Today is Twitter’s 10th birthday, and although it’s not the only place you might see a hashtag used in social media, it is a concept that's very popular with Twitter users.
For anyone that doesn’t know, a hashtag (#) is used to prefix a word or phrase to make it into a label, or category, that other users who may be looking for content of the same theme or topic can easily find. For that reason, they are very popular among both company and consumer tweets.
Now for the hashtag amnesty. Now we're not judging anybody... but who knows how to correctly use a hashtag? Who’s seen some awful examples of people in their networks using hashtags in a painfully excessive way? Who’s used their own made-up hashtag and wondered why everyone else on Twitter hasn't started using it yet?
You’re not alone! Twitter novices and veterans alike often make these same mistakes. We’re here to give you some tips on how to use hashtags properly whether its for your business or personal tweets.
1. Do your homework. Take the time to have a quick check to see if there is already an established hashtag about the topic you’re posting about that will help you. Or, if you’re looking to start a new conversation, check that nobody else has already used it for another topic that will cloud your feedback and cause confusion around your brand.
2. Only use them to add value. Just because you can, doesn’t mean you should! Don’t add one for the sake of it.
3. Use title case for more than one word. If your hashtag is more than one word, use title case to maintain legibility (but that doesn’t mean you should use a full sentence!) When Margaret Thatcher died, one of the first hashtags to pop up was by a Thatcher-critical website - #NowThatchersDead which, when tweeted without the capital letters, lead to thousands of people thinking Cher had died instead (#NowThatChersDead) – simple mistake to make without grammar!
4. Use sparingly. Try to stick to one hashtag per post, two if you have to – overuse is the Twitter equivalent of spamming and is likely to be one of the biggest bug bears for your followers - don’t give them a reason to unfollow you.
5. Keep it short and to the point. You’ve only got 140 characters per tweet (for now) – don’t use them all up in your hashtag!
6. Don’t put spaces or punctuation in! Although you can put a hashtag anywhere in your tweet, don’t break the link by putting spaces or punctuation in (including more hashtags!). Anything directly after your hashtag will be the ‘tag’, use a space and your hashtag isn’t complete – so it won’t be found, or is likely to disrupt the engagement you’re aiming for.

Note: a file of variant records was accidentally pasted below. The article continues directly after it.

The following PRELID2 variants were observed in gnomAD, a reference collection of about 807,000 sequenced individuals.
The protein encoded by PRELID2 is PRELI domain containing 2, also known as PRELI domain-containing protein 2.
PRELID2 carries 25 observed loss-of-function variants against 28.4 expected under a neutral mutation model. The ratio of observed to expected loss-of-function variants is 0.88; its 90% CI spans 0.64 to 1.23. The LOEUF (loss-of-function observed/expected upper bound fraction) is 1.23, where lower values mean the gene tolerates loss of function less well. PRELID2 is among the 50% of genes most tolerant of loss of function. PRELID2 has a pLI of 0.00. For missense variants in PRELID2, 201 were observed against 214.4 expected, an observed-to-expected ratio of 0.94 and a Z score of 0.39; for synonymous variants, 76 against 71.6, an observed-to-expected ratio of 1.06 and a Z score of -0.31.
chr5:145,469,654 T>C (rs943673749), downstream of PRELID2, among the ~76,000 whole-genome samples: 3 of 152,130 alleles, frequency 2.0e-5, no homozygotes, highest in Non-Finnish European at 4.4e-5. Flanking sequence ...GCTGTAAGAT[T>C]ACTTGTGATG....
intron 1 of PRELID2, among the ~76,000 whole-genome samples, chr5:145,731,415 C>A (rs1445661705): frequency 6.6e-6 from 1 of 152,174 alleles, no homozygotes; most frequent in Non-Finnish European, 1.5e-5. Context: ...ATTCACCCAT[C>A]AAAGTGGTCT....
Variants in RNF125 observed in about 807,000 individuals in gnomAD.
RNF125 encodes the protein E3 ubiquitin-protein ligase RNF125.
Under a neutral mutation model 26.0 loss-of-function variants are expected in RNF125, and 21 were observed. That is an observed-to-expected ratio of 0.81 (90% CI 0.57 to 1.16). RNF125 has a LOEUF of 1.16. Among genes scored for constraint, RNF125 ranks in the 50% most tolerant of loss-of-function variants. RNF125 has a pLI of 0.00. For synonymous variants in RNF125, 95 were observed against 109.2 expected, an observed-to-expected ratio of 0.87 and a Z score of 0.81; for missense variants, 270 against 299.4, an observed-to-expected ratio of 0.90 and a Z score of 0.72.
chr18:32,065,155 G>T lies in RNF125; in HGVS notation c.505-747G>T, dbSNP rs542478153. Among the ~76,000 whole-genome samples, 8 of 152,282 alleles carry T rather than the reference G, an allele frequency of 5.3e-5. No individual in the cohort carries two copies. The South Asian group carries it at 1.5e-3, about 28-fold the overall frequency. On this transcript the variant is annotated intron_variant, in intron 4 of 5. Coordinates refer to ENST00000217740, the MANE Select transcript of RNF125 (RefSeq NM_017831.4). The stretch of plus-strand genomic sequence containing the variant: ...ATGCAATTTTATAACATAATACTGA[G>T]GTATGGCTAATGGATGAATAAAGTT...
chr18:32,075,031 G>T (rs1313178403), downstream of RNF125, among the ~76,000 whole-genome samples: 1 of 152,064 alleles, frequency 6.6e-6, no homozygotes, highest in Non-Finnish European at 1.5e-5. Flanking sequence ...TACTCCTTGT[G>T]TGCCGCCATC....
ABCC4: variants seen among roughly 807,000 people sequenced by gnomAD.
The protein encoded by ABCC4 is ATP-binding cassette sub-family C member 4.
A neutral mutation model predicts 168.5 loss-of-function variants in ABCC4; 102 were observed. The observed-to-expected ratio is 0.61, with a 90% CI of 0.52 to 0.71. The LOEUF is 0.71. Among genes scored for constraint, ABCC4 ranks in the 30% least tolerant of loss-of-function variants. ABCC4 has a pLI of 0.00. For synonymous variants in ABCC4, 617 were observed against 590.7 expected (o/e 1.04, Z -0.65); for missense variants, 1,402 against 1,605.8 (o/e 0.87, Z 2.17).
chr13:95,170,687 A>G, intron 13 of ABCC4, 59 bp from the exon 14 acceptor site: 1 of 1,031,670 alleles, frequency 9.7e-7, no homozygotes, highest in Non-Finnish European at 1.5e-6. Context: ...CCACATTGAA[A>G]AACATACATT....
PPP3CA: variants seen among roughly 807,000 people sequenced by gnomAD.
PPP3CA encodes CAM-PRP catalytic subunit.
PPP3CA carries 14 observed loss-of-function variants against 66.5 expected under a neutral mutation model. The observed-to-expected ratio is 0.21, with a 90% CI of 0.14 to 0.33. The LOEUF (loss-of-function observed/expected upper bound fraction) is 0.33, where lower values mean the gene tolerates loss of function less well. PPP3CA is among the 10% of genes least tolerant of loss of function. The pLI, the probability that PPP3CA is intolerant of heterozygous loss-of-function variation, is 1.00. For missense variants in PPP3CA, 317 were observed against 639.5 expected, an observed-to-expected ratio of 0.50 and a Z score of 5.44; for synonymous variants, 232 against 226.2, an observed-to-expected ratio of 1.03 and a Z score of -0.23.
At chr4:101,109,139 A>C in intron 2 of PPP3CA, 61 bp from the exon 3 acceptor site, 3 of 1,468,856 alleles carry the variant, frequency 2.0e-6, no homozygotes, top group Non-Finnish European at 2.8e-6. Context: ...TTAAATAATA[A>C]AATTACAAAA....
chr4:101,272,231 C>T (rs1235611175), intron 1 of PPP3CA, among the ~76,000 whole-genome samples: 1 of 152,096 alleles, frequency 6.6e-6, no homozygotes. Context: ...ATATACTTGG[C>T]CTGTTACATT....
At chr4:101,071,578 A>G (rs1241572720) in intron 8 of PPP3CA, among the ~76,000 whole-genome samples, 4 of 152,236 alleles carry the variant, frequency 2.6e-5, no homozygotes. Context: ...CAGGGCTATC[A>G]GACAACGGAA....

7. Don’t expect your hashtag to do all the work for you. If it’s not a strong concept, or adding any value, it won’t go anywhere. Put yourself in the shoes of your followers and potential followers, re-look at your hashtag and ask ‘what’s in it for me?’. Your hashtag won’t become a trending topic just because you want it to - it can take weeks or months for it to be used to gain traction.
8. Don’t over-use your brand within your hashtags if it’s not relevant. You’re looking to use these to start a conversation, not just for blatant promotion. Pull users into your topic of conversation – if your hashtag is smart and resonates with your intended audience, you don’t need to force your brand name in there every time – they will make the connection naturally.
9. Remember why hashtags exist. They are there as a means of allowing otherwise unconnected comments to be shared, for people who don’t necessarily know each other, to talk about the same thing. The hashtag itself isn’t the message, even if you did have a #greatnightlastnight. For example, we are using a hashtag for anything related to our 10th birthday year (#TheWorks10 if you were wondering) - which enables anything we have posted using this tag to be seen together quickly.
10. Check it, before you post it! In our busy lives, it’s so easy to misspell something. Take a second to re-read your tweet, check your hashtag is spelled correctly, is consistent with what you've used before (if appropriate), the content that comes up for your tag is relevant and it all makes sense - wouldn’t you rather spend an extra second checking everything is A-Okay then deal with a social media drama?